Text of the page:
This friday the camera department on "Everybody Hates Chris" were privileged to do a test of the Arri D20 HD camera in a real world production environment. Stephan Ukas-Bradley was kind enough to also be present during the test to answer our questions. It was an interesting test for two reason's.
1) It was a real world side by side of the D20 and the Viper
2) It was also a test of how well a crew will adapt to the camera.
Aside from our DIT our camera department is one of Film guys. Yes we have spent plenty of time with the 900 and we are now in our second season of using the viper (Plus 8 is building me mods on a weekly basis). We like film cameras, no, we LOVE film cameras and constantly take swipes at the crap that we have to put up with. Crap that is the "Hallmarks" of why HD is bad.
Well folks I'm here to tell you, HD has arrived and it's the D20. With one masterstroke Arriflex has obsoleted all other HD "Production" cameras. How? Here's a list of just some of the strokes of super genius that has come from Arri.
2.5 amps at 24 volts.... Yes 2.5, not 9 not 12 but 2.5 amps, a pair of Dionic 90's will last almost 2 hours
NO cooling fans. 7 chimneys convection cool the camera electronics and 2 Peltier junctions/heatpipes and heat sink cool the sensor.
OPTICAL Viewfinder... 'nuff said but I'll drive that point home with this. A real groundglass that shows more than the chips "live" area.
Two ways to get Standard Def video out to the steadicam monitor. One way is to use an IVS video tap. The IVS advantages are viewing of the groundglass and the overscan that we are used to with an optical viewfinder, and no downconversion video delay. The disadvantages are sometimes a noisy image due to gain at thick f-stops and the flicker free "Smear". The other way to get SD Video out is from the HD Sensor and internal downconverters to output the "CVBS" (Composite Video Blanking System). This is the CLEANEST CVBS I have ever seen. Markedly cleaner than the Viper CVBS that I fly everyday. Now Arri has gone a few steps better with their CVBS. They give you a set of 16x9 framelines along with a set of 4x3 TV Transmitted lines.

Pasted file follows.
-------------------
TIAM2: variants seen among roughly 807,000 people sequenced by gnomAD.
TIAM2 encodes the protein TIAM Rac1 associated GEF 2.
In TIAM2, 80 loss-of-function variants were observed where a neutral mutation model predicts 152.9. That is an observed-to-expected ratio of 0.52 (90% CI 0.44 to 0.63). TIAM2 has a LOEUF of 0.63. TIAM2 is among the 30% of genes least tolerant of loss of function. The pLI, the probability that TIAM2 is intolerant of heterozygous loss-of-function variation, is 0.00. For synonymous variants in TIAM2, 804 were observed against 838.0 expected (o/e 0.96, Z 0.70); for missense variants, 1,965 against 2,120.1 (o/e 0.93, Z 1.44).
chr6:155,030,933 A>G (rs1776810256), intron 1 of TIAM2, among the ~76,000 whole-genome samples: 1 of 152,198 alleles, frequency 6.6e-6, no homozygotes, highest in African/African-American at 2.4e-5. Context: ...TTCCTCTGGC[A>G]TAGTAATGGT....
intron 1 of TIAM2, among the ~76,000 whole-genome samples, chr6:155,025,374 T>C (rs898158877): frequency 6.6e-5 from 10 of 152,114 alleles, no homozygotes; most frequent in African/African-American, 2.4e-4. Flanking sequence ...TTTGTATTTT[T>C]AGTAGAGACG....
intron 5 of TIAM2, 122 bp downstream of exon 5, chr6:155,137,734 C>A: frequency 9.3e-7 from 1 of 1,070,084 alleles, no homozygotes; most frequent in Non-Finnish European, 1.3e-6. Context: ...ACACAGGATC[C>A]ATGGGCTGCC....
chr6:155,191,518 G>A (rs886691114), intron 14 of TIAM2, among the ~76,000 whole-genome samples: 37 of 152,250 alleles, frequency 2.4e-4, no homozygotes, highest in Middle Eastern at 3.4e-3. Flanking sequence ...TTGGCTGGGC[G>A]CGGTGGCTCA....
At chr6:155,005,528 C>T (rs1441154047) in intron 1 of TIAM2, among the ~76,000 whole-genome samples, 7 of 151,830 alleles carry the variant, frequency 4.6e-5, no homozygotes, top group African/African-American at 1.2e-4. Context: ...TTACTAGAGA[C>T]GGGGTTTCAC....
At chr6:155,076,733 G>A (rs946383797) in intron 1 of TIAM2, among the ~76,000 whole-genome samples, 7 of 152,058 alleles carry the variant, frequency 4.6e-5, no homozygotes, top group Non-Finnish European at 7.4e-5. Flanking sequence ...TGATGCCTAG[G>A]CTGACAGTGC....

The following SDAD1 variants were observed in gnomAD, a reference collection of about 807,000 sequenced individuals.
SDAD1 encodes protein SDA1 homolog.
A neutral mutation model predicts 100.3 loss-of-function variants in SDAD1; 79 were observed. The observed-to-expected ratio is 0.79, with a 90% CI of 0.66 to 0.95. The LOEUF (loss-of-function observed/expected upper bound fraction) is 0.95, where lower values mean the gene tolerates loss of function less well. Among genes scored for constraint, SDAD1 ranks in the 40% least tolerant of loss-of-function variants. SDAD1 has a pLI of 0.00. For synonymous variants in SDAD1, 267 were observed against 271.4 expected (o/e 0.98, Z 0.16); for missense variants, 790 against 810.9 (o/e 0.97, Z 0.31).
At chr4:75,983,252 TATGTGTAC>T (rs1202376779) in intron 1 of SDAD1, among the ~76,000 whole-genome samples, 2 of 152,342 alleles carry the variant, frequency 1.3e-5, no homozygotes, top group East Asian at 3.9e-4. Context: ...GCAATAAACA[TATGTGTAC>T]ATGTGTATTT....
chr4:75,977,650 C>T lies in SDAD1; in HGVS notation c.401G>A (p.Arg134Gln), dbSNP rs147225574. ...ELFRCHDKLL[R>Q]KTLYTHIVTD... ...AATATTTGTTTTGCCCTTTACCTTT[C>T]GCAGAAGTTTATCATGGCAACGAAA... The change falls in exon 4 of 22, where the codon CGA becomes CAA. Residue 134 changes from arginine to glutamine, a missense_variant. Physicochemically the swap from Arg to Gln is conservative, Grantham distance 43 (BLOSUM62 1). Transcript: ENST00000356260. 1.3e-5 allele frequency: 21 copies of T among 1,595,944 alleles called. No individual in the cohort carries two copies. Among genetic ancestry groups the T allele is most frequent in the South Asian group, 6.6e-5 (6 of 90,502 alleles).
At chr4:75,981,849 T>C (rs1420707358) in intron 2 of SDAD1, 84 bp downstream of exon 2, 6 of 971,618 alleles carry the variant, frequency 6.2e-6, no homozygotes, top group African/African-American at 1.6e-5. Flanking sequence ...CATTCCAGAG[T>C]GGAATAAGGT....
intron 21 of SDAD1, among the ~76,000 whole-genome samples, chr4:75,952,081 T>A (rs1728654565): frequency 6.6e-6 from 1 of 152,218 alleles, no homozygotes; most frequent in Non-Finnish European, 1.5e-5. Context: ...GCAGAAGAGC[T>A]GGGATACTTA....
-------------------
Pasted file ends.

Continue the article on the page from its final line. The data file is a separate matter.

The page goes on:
Hang on a second, why would a set of 16x9 framelines be so a surprise, after all HD is a 16x9 format, why do I need to see brightlines on the normal 16x9 signal. Here's where Arri kills everyone else... It's a FULL FRAME Super 35mm Sensor. In-fact it's the same sensor as Arri uses in the Arri Scanner. Why is that so cool? well the CVBS Outputs the full frame frame from the sensor which means that you have "Overscan" top and bottom so you can see that pesky boom BEFORE it enters the frame. It also means that you can shoot true Anamorphic HD.
That folks is just the tip of the iceberg, this camera is simple and familiar but best of all it flies like a dream. With a 50mm Ultra Prime and liteweight mattebox, two Lens motors and the lowmode bracket it's just slightly heavier than a Arricam LT. It's balance point right now is approximately 1 inch behind the optical plane. Stephan told me that in the next revision of the camera they will be making the back shorter which should bring the balance point to the optical centerline. And while it is a bit wide (A bit, not bad at all really) it has great side to side balance, being almost perfectly balanced side to side. As it sit's the lowmode bracket allows you invert the rig with little to no reposition of the gimbal.
If you haven't figured it out I love this camera, Our camera department loves this camera.
If you want to see some more photos I have a gallery of them on my website Here
And just so you guys know I haven't been paid by Arri, CSC or Clairmont Camera. Hell I didn't even get a hat!